You do have to make sure that it's in the right gear for maximum power, which can help to add to the driving fun, particularly if you like to zoom along B-roads, second-guessing the best gear for the next corner. 

The larger 1.5-litre petrol is better suited to longer journeys and those looking to transport bulky items, as the additional torque helps with acceleration and pulling power, while it tends to sit at lower revs at motorway speeds, further reducing the pesky engine noise that can leak into the cabin.

Diesel fans will have to wait for an engine to arrive after launch in March, while a ferocious Civic Type-R model is also due in December and it will boast a powerful petrol engine.

Fuel

Fuel economy

Power

0 - 62mph

Top speed

1.0-litre 

Petrol

60.1mpg

127bhp

10.2s

126mph

1.5-litre

Petrol

49mpg

180bhp

8.2s

137mph

Honda Civic Trims 

S, SE, SR, EX, Sport, Sport Plus and Prestige

Seeing as new Civic doesn't actually hit showrooms until March, there will be some movement on the standard kit available across the range but we do know that even basic models come well equipped.

With regards to the 1.0-litre petrol engine models, the entry-level S grade is generously specified, and includes automatic headlights, adaptive cruise control and the Honda SENSING suite of advanced active safety technologies.

This standard Active Safety Package includes a Collision Mitigation System, which helps to bring the car to a stop if the system determines that a collision with a vehicle detected in front is unavoidable.

Plus, there is a Lane Departure Warning, Adaptive Cruise Control, Traffic Sign Recognition and Road Departure Mitigation, which detects if the car is leaving its lane and gently applies some steering to counteract this.

However, entry level S grade isn't likely to be the most popular model, with customers expected to plump for the slightly better equipped trim levels.

As such, SE and SR receive heated front seats, heated door mirrors, an eight-speaker audio system, 16-inch alloy wheels and air conditioning.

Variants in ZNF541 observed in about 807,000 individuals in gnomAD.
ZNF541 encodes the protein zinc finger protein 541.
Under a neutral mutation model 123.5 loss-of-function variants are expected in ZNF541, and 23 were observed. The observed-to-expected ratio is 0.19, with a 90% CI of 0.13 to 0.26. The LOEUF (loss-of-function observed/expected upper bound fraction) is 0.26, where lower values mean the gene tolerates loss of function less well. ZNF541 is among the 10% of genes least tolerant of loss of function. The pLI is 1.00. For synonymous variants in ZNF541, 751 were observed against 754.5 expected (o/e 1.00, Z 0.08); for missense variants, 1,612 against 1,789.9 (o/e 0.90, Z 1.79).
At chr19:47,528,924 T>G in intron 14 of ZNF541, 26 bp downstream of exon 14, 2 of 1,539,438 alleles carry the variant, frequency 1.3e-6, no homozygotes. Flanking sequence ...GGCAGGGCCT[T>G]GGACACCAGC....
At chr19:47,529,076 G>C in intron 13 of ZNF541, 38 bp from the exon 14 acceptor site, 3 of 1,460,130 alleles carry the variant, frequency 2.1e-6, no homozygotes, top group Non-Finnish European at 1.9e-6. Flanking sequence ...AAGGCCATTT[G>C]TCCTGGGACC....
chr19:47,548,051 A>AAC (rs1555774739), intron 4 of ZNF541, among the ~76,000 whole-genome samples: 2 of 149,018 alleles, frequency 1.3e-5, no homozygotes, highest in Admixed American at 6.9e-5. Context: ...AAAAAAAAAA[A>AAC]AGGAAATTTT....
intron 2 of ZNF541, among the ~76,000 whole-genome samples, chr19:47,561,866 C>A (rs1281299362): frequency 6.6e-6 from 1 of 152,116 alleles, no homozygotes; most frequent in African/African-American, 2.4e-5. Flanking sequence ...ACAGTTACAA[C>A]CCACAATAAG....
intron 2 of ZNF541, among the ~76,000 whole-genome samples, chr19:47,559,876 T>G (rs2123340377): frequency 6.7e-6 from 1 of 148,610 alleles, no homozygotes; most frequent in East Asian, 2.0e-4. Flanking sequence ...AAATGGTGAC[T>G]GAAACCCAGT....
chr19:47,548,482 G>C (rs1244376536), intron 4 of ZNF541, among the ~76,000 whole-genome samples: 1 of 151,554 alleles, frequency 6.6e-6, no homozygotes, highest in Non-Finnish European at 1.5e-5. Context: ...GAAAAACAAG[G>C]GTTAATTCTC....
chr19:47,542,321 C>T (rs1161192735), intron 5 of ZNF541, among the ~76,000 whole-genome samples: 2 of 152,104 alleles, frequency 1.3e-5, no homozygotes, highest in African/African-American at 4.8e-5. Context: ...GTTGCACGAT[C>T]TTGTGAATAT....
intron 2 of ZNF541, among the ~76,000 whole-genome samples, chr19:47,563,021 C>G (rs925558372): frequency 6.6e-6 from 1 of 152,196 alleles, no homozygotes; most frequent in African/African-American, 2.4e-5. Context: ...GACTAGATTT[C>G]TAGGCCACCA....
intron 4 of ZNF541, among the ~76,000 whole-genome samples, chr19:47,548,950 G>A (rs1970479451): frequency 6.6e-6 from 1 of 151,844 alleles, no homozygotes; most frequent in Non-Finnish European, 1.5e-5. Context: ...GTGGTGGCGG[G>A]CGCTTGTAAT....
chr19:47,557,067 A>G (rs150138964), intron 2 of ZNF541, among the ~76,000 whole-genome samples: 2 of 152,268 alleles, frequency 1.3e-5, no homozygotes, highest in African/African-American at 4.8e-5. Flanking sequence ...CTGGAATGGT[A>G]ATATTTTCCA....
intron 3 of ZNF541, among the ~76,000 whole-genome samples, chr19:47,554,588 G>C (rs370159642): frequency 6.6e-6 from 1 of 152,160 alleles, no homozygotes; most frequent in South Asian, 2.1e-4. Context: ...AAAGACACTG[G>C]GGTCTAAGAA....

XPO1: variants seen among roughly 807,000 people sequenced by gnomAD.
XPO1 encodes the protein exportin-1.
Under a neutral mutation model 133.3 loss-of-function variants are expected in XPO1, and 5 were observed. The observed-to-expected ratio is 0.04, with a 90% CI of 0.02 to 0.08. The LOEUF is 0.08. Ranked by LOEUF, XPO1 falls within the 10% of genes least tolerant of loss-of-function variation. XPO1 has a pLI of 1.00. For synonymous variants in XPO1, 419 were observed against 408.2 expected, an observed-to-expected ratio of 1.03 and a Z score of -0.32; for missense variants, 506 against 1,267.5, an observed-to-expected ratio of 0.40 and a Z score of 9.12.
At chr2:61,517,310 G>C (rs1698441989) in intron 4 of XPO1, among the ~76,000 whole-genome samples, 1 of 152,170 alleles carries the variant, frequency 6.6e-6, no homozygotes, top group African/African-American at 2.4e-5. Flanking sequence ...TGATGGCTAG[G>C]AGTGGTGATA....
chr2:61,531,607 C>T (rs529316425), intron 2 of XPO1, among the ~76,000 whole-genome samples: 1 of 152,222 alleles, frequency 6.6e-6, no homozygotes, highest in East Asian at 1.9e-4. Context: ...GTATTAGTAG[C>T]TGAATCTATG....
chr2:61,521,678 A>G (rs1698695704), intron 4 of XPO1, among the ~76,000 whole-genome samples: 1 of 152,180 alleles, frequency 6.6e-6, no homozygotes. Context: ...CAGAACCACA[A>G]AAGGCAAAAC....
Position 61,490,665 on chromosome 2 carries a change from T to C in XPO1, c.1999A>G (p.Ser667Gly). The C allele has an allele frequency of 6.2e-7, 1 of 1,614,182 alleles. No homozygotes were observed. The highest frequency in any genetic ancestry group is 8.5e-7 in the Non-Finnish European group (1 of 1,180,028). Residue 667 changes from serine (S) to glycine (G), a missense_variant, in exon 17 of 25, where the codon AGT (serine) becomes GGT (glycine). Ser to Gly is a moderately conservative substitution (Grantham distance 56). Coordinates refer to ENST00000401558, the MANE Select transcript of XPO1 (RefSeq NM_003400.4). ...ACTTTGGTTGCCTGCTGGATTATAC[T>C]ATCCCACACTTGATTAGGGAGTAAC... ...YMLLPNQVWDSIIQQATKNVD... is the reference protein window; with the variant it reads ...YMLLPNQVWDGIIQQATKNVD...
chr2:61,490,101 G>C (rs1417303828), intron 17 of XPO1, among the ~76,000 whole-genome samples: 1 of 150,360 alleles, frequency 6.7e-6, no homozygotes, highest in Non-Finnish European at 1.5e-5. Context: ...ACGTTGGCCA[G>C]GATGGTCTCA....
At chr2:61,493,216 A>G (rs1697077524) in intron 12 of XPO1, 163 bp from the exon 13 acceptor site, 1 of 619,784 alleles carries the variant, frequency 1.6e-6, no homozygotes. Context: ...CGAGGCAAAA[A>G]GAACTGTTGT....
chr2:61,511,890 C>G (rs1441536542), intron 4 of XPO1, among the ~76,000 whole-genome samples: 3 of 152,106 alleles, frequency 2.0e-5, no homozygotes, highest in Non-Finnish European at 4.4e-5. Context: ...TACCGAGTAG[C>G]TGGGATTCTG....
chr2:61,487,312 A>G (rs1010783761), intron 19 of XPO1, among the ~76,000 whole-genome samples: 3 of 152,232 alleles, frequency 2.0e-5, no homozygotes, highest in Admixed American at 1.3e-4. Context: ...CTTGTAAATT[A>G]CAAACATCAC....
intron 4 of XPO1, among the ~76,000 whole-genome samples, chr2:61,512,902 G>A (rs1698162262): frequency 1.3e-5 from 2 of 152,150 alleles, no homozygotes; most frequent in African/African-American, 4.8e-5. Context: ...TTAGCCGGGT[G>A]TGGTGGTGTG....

SR models go further still and benefit from the larger-screened Honda Connect 2 infotainment suite, 17-inch alloys, front and rear parking sensors, rear parking camera and dual-zone air conditioning.

Top spec EX models feature LED front headlamp clusters, smart keyless entry and start, power tilt panoramic sunroof, and premium audio system (11 speakers with 465 watts output). EX models are also fitted with the Dynamic Damper Control system.

There's also an EX 'Tech Pack' option, which adds LED headlights and fog lights, the wireless charging pad and rear heated seats for a price.

Trim levels for 1.5-litre petrol models differ slightly and begin with Sport models, which come generously equipped with 17-inch alloys, front and rear parking sensors, rear parking camera, the Honda Connect 2 infotainment suite, dual zone air conditioning, LED headlamp clusters, twin centre exhaust outlets and a sports body kit that includes a chin spoiler, rear bumper flourishes and side skirts.

Sport Plus models add power tilt panoramic sunroof, Dynamic Damper Control, the premium audio system, smart keyless entry and start, and a wireless charging pad in the centre console for compatible smartphones.

The Prestige grade builds on the Sport grade (excluding twin centre exhaust outlets and sports body kit), adding chrome front grille and door handle finishes, leather upholstery and heated rear seats.

Unfortunately, Honda insists on using a Garmin satellite navigation system that looks clunky and isn't as user-friendly as the more premium, in-house offerings from the likes of VW, Skoda et al.

Honda Civic Reliability and warranty 

Honda offers a fairly standard three-year/60,000-mile warranty on all of its cars but the manufacturer has traditionally performed well in terms of reliability.

The previous generation Honda Civic sat towards the top of the overall scores table in the 2016 Auto Express Driver Power survey and scored an impressive seventh place out of 200 in the reliability stakes.

Build quality of Hondas is generally good, running costs are cheap and it loses value at a slow rate, compared with rivals, which help keps the cost of owning or financing the car low.

Honda Civic Prices

Honda Civic Prestige

1.5 vtec turbo prestige 5dr cvt

  • Doors 5
  • Fuel petrol
  • Economy 46.3mpg
  • Gears automatic

Starting at: £26,811

You could save up to: £1774

Honda Civic Sport

1.5 vtec turbo sport 5dr

  • Doors 5
  • Fuel petrol
  • Economy 48.7mpg
  • Gears manual

Starting at: £22,052

You could save up to: £1483

1.5 vtec turbo sport 5dr cvt

  • Doors 5
  • Fuel petrol
  • Economy 46.3mpg
  • Gears automatic

Starting at: £23,382

You could save up to: £1593

Honda Civic Sport Plus

1.5 vtec turbo sport plus 5dr

  • Doors 5
  • Fuel petrol
  • Economy 48.7mpg
  • Gears manual

Starting at: £24,774

You could save up to: £1626

1.5 vtec turbo sport plus 5dr cvt

  • Doors 5
  • Fuel petrol
  • Economy 46.3mpg
  • Gears automatic

Starting at: £26,099

You could save up to: £1736

Other Editions